Decades of abuse have taken their toll on the environment and, in turn, the communities living around mines.
According to Ingrid Watson, programme manager (biophysical environment) at the Centre for Sustainability in Mining and Industry (CSMI) at Wits University’s School of Mining Engineering, the declining resilience of the physical and the social environment means that neither can absorb mining’s negative impacts like they could in the past.
“This makes it imperative that mining companies understand the often precarious state of their surroundings, and accommodate this during their planning, start-up, operational and closure stages,” says Watson. She points to a recent shift in thinking that suggests humanity has moved the planet out of its Holocene period into an entirely new geological epoch – the Anthropocene – where humans are the primary force behind environmental changes.
“What this highlights is that the negative environmental impacts of industrial activity like mining are imposing themselves on an already potentially unstable situation,” she notes. “The results can be seen in the steadily rising tension between mines and other stakeholders – especially communities and the governments that represent them.” Underlying the global trend in tighter environmental legislation is the increasing level of competition for scarce – indeed, scarcer – resources such as clean water and arable land.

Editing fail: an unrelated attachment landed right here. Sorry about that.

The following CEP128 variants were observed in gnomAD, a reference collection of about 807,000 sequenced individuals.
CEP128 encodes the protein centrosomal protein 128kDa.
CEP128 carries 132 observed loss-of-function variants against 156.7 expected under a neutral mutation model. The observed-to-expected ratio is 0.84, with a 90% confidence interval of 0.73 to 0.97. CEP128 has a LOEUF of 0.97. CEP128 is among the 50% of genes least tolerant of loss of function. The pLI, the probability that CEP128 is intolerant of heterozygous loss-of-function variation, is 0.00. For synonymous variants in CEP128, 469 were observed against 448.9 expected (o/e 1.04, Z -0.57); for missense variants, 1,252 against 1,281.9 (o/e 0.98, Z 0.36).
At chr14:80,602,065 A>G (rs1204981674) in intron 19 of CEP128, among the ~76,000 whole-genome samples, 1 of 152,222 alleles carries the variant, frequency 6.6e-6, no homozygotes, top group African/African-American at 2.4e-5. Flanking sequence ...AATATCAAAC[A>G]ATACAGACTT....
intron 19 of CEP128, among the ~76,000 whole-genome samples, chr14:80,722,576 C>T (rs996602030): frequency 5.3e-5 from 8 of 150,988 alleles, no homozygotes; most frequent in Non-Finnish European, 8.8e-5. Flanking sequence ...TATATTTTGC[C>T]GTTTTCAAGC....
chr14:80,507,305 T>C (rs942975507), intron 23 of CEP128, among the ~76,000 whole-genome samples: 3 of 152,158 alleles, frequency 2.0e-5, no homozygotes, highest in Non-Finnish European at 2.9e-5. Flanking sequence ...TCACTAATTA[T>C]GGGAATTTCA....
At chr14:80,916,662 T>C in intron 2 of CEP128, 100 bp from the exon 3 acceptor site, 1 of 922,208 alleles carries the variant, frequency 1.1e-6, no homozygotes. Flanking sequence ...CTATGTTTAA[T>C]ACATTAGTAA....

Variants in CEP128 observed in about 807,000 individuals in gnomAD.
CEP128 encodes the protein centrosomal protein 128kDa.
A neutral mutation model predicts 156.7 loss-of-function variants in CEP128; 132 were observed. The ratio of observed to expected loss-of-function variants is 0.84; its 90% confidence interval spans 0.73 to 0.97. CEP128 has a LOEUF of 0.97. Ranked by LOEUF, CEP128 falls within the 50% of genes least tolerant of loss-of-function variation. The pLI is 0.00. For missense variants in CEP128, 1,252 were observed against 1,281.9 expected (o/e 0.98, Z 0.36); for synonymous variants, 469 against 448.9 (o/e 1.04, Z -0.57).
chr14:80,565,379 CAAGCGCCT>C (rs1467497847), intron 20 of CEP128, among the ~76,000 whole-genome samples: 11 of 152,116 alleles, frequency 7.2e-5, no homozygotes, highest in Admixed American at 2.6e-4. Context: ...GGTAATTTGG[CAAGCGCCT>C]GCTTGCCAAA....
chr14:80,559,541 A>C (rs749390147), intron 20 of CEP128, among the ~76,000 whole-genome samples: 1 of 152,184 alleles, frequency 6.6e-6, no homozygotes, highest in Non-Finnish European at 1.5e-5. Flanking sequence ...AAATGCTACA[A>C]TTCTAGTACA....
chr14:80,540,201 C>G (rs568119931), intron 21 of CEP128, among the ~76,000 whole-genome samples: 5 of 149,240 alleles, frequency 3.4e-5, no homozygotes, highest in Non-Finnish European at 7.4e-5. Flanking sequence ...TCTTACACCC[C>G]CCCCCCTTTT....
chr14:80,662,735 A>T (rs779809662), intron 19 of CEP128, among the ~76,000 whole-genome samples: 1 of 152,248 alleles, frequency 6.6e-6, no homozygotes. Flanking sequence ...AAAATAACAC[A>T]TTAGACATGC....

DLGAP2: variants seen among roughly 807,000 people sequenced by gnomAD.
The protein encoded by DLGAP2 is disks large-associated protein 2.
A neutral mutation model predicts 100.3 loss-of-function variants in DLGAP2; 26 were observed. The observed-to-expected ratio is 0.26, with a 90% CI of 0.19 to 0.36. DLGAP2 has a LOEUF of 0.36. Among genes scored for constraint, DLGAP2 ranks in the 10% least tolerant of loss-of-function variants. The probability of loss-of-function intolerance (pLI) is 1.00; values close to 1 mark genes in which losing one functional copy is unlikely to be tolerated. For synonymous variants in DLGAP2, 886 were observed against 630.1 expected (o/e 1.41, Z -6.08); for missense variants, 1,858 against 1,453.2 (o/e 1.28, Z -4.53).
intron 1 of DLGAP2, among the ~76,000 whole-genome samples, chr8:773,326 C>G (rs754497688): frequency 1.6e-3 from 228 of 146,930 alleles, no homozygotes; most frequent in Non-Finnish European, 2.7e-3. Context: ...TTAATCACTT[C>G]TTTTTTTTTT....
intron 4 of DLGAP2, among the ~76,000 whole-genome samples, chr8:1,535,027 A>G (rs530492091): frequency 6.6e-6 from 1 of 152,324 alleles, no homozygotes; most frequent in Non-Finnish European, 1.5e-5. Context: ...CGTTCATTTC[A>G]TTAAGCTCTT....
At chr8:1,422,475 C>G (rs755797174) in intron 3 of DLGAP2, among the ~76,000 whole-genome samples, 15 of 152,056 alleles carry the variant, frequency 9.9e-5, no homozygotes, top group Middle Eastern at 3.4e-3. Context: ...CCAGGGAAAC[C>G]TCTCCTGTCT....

“Essentially what we are seeing is the planet’s environment ‘hitting back’ after decades if not centuries of abuse, arising from factors such as rising consumption levels and greenhouse gas emissions.” In a 2012 study of ‘the 10 sustainability megaforces’ affecting business, consulting group KPMG included climate change, water scarcity, ecosystem decline, deforestation and reduced food security. “Mines’ historical legacy was that it contributed to a number of these trends,” she reveals. “The sector is now faced with the challenge of not only reducing its environmental impact, but also dealing with the consequences of past environmental injury.”
Among these results is the social impact, adding to the resolve of many communities to actively oppose mining, says Watson, contributing to the increased importance of stakeholder engagement before projects can be authorised.
“Communities are now more aware that they will be the ones left to deal with the physical legacy of mining – the altered landscape that is seldom a positive change from an environmental point of view, although it can bring much needed jobs and infrastructure during the life of the mining operation,” she outlines.
While governments have applied stricter environmental controls on mining, it appears that the state is also recognising the full extent of the possible damage – and is no longer allowing companies to ....